Grotius defined eminent domain as consisting of “ the power to seize land without the owner’s consent for public use. Grotius justified the use of property on the basis that all land vested in the “sovereign” and the sovereign could reassert its ownership of the property over its citizens/subjects
whenever it wished . The term eminent domain was conceptualised by Hugo Grotius who claimed that the property of citizens was kept under the eminent domain of the government who can possess, exclude and even destroy the property for public use. Locke believed that property rights can be both an "individually held" right as well as a right held "collectively by the body politic" which allows the government to undertake its tasks and to have legitimacy to enforce its rules. Locke also felt that each individual had an equal share in natural rights and that property rights was established when one individual claimed a natural resource. Locke suggested that the supreme power cannot take property without a person's permission because the protection of property is the main reason why individuals enter society since the guarantee of man's property and earnings is the biggest encouragement to trade or work. It is for this reason that Locke places many restrictions on the right to eminent domain for the state. For example, Locke states that unless the government is open to people from all occupations and classes, legislators would enact arbitrary laws that would permit them to benefit the most from eminent domain. Similarly, Locke says that the government cannot take property from individuals if the effect of the action would be to render the individual worse off than before.
The modern approach to the Indian Constitutional right to property arose from the post-Independence Congress leadership. This group believed India needed a strong state sector planned economy with a smaller role for property. Nehru was concerned that the business cycles consisting of recessions and depressions, which are a result of a large private sector, would put individuals at great risk. Socialism and social progress were important themes of the constituent assembly debates. This is why the Directive Principles of state policy aimed at securing an “egalitarian society” wherein the distribution of resources would achieve the common good, Hence, in order to implement its strong socialist agenda, it was not intended that the judiciary would interfere unless there was a gross abuse of the law.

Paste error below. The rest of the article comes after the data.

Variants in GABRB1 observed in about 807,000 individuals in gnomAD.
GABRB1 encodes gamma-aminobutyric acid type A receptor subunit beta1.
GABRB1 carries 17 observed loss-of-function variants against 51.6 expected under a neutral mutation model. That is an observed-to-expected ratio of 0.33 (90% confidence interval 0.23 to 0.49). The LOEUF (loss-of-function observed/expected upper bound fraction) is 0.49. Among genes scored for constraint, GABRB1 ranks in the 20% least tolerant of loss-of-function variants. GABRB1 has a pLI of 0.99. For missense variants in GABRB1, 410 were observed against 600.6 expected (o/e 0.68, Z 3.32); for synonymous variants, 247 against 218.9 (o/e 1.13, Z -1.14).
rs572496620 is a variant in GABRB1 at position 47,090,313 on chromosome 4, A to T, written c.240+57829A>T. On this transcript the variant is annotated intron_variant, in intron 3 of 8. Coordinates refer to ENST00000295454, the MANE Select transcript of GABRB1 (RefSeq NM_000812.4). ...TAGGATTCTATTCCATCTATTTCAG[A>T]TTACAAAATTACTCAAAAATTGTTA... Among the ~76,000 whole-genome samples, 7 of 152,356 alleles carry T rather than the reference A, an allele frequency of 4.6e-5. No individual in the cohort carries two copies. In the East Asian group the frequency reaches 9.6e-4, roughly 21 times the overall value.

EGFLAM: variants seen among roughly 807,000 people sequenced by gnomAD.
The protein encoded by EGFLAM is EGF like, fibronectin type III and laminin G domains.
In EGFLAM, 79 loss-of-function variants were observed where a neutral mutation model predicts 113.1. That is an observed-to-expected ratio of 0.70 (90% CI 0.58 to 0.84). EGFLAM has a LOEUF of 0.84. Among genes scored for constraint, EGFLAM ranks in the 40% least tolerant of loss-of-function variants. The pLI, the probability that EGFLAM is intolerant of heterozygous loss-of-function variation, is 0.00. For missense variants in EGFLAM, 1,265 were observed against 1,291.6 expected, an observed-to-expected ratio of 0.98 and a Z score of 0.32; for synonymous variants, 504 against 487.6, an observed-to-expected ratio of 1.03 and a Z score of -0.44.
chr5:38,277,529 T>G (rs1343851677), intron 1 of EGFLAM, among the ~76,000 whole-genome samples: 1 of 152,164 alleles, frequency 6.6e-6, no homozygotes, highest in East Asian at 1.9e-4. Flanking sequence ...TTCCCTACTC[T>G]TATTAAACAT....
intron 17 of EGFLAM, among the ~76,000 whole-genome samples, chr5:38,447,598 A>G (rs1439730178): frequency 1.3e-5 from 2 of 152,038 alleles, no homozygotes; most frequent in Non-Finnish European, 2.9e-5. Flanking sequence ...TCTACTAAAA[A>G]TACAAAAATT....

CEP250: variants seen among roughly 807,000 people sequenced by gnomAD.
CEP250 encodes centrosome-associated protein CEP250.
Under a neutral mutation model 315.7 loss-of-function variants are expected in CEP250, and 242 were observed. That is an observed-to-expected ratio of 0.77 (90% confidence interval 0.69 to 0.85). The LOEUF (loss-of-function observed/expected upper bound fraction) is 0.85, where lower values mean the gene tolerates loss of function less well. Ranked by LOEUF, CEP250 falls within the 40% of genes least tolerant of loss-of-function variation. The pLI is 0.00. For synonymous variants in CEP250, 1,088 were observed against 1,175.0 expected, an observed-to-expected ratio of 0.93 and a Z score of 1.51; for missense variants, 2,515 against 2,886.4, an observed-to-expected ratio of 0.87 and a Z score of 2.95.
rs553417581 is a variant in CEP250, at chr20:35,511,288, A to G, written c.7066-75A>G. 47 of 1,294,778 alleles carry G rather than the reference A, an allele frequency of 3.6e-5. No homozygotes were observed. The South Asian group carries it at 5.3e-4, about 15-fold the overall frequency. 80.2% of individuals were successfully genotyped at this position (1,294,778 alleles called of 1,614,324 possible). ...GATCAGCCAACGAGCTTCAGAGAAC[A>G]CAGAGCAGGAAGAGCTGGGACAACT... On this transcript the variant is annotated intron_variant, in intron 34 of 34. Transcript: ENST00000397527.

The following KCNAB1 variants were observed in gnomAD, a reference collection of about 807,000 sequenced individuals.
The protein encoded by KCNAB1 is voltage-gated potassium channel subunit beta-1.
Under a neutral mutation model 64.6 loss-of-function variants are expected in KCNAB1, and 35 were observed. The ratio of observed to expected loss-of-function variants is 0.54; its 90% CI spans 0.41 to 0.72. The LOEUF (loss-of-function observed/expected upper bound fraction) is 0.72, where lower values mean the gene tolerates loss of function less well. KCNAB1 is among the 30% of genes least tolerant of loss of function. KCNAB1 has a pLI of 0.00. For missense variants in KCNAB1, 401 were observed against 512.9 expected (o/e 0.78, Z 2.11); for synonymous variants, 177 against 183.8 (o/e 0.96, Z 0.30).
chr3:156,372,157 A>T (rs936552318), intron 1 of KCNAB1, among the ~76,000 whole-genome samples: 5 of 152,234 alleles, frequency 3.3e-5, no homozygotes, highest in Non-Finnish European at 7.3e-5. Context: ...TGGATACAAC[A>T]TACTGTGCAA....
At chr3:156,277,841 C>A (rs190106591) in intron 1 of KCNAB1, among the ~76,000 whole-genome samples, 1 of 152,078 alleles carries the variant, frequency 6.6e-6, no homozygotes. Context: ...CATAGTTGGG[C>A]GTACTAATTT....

The Congress party sought to eliminate Zamindars who had throughout colonial rule, accumulated vast stretches of land.
For example, the Bihar Land Reforms Act involved several measures to weaken the power of landlord such as through ceilings on individual holdings, transfers of extra land to landless laborers, and the encouragement of co-operative farming. These laws were challenged by the zamindars who claimed these new regional laws discriminated under Article 14 against landlords who possessed land over a ceiling limit because only their land would be taken a way while the land belonging to landowners below the ceiling limits would be untouched . In response, in Kameshwar Singh v. State of Bihar, it was held that the act violated Article 14 because it was discriminatory to apply lower compensation rates to bigger landholders. Moreover, the Bihar court later ruled in favour of the zamindars by holding that Article 31(4) did not prevent judicial reviews of laws that were under the fundamental rights of the constitution such as Article 19 which was at that time a fundamental right forbidding the state from interfering in the sale and disposal of property. However, the Bihar court did reiterate that judicial review can be done of the amount of compensation that was provided when the Zamindar’s land was acquired.